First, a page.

Supporting the NAACP is Neill Franklin, a retired black narcotics cop who now leads Law Enforcement Against Prohibition (LEAP), an international group of pro-legalization cops, judges and prosecutors. These are the people who have been on the frontlines of the war on drugs. And war can leave you weary and disillusioned, particularly when you don’t like what you witnessed in that war. “As a member of the NAACP, and as a former police officer who waged the ‘war on drugs’ for three decades, I can tell you that it is long past time to change our failed marijuana laws,” Franklin said. “Like Alice and the other good folks at the NAACP, I’m tired of seeing young black men and women funneled through the revolving doors of the criminal justice system, all in the name of a ‘war on marijuana’ that actually does nothing to reduce its use.” Franklin also believes that continuing the failed policy of prohibition bears obscene human and fiscal costs, and California voters need to know that.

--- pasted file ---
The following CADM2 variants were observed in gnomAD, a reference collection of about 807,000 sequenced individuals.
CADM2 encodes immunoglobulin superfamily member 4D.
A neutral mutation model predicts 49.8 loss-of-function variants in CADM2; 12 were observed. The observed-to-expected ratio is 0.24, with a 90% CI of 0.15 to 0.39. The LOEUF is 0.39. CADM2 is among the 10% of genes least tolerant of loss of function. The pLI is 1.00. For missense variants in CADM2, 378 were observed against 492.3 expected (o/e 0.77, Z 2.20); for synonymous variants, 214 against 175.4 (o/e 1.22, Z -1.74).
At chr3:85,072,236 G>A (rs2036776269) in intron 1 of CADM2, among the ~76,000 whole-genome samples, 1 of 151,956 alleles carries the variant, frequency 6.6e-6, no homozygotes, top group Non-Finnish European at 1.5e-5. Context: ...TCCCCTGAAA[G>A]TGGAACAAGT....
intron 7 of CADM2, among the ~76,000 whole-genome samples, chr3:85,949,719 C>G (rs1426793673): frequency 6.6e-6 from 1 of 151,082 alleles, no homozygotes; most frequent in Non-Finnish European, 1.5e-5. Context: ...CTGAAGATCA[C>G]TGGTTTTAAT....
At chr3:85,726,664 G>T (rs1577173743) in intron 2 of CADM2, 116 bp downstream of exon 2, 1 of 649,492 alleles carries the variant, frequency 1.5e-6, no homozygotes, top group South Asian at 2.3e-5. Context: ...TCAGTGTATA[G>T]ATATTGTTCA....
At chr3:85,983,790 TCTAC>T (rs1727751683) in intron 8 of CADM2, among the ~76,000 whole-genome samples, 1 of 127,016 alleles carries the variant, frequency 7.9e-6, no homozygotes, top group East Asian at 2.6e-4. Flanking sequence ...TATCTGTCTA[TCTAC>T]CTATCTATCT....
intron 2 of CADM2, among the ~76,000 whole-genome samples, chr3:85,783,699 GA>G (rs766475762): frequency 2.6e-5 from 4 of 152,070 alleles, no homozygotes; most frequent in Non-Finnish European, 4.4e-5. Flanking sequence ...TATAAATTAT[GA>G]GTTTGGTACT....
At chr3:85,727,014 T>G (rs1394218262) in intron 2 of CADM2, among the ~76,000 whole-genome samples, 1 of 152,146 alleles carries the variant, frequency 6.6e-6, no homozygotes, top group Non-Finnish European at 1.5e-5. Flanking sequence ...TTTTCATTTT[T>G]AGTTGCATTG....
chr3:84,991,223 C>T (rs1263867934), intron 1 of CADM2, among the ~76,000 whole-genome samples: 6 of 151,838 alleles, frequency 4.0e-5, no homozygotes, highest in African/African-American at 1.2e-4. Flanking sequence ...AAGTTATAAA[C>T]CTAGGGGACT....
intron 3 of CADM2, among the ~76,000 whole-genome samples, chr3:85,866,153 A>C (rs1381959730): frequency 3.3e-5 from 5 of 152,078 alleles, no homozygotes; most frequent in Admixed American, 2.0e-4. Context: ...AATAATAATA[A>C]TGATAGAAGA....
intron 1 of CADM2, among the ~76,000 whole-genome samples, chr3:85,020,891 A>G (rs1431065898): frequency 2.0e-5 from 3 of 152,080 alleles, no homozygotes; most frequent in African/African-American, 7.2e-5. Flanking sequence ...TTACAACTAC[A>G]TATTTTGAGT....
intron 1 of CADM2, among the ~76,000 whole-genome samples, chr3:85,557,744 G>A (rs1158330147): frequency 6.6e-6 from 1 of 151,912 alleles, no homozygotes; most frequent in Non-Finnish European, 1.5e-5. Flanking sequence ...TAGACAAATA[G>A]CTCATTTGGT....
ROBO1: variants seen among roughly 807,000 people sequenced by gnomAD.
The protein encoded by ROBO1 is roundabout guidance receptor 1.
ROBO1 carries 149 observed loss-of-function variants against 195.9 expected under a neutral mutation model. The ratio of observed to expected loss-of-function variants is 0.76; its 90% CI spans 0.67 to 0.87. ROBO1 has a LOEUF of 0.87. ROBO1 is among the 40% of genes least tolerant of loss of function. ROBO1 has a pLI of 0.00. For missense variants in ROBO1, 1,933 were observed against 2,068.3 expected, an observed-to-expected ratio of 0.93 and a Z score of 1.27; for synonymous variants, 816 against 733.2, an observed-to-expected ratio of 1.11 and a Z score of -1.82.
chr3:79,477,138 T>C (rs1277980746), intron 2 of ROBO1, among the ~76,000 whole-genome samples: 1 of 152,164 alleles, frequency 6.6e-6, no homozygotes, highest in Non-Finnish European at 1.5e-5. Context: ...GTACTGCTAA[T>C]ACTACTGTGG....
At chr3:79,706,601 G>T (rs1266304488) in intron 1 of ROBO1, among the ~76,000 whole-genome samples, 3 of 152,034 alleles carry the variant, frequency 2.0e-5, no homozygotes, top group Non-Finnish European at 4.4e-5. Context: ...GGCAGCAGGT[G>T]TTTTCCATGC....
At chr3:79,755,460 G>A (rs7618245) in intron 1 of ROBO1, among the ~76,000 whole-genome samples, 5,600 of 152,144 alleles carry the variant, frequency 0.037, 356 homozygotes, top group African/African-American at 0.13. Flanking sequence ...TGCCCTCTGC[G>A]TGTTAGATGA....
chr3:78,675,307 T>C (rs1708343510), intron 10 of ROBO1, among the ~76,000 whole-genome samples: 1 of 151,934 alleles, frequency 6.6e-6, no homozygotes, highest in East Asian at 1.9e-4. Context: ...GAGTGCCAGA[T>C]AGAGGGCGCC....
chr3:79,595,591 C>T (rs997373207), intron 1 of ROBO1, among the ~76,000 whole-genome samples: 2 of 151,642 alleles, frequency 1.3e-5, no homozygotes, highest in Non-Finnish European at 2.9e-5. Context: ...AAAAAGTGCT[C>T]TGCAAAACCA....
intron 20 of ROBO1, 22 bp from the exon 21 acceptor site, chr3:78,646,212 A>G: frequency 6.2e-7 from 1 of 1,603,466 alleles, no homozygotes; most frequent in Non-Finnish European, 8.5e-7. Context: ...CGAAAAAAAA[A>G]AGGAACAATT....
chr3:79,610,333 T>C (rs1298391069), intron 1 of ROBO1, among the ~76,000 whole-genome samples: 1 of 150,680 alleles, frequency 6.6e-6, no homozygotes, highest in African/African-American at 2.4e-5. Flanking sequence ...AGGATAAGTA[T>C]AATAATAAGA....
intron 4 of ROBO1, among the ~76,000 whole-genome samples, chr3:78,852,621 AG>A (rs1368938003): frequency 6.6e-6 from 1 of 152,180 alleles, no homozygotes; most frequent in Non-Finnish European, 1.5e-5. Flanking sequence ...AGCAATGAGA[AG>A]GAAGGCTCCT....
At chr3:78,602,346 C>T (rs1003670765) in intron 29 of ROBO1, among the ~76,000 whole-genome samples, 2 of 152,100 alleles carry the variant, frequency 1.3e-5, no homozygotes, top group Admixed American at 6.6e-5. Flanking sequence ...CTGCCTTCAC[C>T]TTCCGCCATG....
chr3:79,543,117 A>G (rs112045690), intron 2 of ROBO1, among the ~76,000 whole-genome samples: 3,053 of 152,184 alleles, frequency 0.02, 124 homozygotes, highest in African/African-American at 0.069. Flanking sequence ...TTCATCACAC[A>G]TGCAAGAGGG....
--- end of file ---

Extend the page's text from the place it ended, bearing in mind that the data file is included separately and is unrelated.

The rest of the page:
Franklin and LEAP are standing with Huffman on an important policy issue, but they are also supporting the embattled California NAACP chief against unwarranted attacks from anti-reform groups. First and foremost among the forces out to get Alice Huffman is the conservative black clergy, led by Bishop Ron Allen of the International Faith Based Coalition (IFBC).
The IFBC website raises more questions than it answers about the organization, which purports to represent a coalition of more than 4,100 congregations. That’s quite a claim, and quite unsubstantiated, for that matter. The group describes itself as “an all-denominational, multi-racial, non-partisan non-political coalition of churches, ministries, community-based organizations, governmental agencies, businesses and concerned individuals.” Yet, this “non-partisan, non-political” group lists among its partners the California Republican Party and GOP gubernatorial candidate Meg Whitman (in fairness it also lists U.S. drug czar R. Gil Kerlikowske).